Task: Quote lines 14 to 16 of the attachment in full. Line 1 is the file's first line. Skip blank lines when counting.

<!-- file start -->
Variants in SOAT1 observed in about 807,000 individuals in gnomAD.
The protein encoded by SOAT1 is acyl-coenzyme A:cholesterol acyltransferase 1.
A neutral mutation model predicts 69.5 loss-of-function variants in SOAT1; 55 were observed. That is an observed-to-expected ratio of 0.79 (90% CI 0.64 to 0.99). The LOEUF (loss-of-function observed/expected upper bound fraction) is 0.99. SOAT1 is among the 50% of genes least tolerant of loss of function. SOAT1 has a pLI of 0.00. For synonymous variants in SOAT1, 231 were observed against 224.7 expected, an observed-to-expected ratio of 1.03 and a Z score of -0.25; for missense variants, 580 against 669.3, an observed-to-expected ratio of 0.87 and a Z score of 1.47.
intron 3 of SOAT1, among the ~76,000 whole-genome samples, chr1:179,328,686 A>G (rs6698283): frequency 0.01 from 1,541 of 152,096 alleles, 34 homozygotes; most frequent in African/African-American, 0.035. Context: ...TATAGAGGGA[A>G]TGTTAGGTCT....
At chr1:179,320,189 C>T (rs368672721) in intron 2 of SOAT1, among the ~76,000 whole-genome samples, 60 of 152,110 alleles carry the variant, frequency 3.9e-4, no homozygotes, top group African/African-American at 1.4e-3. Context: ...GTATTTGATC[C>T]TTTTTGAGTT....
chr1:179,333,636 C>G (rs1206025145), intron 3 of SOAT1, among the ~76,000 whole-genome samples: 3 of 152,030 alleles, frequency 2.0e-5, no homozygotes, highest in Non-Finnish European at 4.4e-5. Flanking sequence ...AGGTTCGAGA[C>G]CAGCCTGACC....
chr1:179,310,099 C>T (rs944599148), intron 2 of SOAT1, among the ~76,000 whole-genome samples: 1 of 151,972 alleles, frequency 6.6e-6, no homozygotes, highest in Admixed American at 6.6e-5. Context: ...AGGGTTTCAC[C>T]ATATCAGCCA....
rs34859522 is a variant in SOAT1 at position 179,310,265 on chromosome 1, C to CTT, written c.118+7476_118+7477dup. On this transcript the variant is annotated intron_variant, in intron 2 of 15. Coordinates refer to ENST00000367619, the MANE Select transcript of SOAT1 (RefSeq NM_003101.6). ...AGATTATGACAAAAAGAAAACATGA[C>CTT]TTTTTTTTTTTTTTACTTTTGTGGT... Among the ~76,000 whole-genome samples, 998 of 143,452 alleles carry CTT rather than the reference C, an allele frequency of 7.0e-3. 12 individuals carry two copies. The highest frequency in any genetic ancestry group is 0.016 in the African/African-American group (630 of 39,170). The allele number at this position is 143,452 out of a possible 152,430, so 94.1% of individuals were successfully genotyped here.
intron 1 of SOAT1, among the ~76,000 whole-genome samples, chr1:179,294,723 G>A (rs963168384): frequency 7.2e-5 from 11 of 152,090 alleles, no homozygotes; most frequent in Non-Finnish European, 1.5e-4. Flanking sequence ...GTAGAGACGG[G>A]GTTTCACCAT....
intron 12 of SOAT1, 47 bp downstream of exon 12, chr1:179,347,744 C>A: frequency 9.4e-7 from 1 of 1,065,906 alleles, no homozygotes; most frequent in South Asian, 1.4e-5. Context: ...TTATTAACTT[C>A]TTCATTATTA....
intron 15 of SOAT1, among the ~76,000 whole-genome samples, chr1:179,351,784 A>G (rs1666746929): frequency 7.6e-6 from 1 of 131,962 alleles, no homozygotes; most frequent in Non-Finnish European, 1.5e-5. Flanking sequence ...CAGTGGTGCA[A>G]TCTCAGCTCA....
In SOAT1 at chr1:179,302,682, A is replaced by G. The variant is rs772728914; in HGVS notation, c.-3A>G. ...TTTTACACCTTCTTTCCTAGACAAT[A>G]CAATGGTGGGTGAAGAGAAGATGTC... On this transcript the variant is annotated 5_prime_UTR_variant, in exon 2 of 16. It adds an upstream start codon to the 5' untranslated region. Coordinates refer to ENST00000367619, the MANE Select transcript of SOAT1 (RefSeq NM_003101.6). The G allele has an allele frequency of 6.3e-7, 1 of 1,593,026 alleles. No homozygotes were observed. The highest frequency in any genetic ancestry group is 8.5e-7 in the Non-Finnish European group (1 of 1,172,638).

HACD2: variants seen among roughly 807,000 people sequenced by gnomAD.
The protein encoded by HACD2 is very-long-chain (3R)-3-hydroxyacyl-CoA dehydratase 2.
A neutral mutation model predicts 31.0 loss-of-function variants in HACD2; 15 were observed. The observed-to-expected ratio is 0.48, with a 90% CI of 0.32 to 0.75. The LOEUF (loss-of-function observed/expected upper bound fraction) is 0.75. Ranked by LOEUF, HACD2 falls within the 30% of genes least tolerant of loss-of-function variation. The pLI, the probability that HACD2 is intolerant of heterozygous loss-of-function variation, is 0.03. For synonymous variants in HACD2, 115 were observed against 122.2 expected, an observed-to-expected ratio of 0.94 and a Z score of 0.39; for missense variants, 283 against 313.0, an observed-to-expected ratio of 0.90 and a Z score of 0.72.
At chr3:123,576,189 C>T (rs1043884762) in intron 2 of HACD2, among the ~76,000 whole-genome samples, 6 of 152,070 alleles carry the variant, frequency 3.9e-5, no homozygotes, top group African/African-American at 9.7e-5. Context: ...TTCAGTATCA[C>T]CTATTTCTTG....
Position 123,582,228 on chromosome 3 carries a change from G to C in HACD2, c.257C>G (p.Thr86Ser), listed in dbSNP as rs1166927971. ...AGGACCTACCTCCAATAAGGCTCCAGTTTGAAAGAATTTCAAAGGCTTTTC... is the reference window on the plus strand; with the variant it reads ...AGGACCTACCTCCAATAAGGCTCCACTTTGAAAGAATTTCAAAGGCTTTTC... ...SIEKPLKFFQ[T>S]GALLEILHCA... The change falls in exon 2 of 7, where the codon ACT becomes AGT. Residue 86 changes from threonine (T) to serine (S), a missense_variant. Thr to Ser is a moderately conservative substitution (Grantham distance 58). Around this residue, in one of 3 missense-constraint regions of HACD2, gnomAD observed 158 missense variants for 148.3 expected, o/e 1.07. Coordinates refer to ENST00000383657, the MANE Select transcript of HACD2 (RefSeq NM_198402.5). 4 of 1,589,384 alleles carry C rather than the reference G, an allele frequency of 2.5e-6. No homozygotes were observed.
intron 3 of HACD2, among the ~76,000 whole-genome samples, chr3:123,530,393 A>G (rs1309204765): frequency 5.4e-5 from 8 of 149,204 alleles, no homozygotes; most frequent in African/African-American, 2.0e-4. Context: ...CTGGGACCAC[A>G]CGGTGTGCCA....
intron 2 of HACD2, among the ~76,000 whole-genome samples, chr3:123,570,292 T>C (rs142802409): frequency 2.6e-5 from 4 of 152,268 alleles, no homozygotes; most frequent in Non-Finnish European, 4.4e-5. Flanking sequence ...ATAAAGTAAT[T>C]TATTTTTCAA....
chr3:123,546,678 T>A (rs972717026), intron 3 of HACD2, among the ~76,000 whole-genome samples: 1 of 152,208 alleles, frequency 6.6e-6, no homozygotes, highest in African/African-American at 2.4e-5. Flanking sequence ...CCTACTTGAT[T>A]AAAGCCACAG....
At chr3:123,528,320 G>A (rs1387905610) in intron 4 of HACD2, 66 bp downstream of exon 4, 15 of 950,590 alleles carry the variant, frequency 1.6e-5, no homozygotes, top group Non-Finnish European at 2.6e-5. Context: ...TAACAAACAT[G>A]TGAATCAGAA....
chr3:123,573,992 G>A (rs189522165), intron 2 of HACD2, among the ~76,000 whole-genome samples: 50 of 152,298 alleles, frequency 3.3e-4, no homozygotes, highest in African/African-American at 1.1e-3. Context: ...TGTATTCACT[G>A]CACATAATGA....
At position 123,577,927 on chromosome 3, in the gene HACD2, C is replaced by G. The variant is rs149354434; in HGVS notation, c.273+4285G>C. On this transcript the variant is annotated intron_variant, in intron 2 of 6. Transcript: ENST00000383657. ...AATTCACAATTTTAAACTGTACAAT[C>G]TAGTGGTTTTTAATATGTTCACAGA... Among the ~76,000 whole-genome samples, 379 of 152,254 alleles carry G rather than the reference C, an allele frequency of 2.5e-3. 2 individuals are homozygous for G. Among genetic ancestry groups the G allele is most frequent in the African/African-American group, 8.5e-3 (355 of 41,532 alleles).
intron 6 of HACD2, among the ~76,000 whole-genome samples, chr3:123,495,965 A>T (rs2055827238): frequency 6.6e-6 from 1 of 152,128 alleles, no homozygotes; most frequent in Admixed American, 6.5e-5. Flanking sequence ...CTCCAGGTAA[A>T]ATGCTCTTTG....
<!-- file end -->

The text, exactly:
The protein encoded by HACD2 is very-long-chain (3R)-3-hydroxyacyl-CoA dehydratase 2.
A neutral mutation model predicts 31.0 loss-of-function variants in HACD2; 15 were observed. The observed-to-expected ratio is 0.48, with a 90% CI of 0.32 to 0.75. The LOEUF (loss-of-function observed/expected upper bound fraction) is 0.75. Ranked by LOEUF, HACD2 falls within the 30% of genes least tolerant of loss-of-function variation. The pLI, the probability that HACD2 is intolerant of heterozygous loss-of-function variation, is 0.03. For synonymous variants in HACD2, 115 were observed against 122.2 expected, an observed-to-expected ratio of 0.94 and a Z score of 0.39; for missense variants, 283 against 313.0, an observed-to-expected ratio of 0.90 and a Z score of 0.72.
At chr3:123,576,189 C>T (rs1043884762) in intron 2 of HACD2, among the ~76,000 whole-genome samples, 6 of 152,070 alleles carry the variant, frequency 3.9e-5, no homozygotes, top group African/African-American at 9.7e-5. Context: ...TTCAGTATCA[C>T]CTATTTCTTG....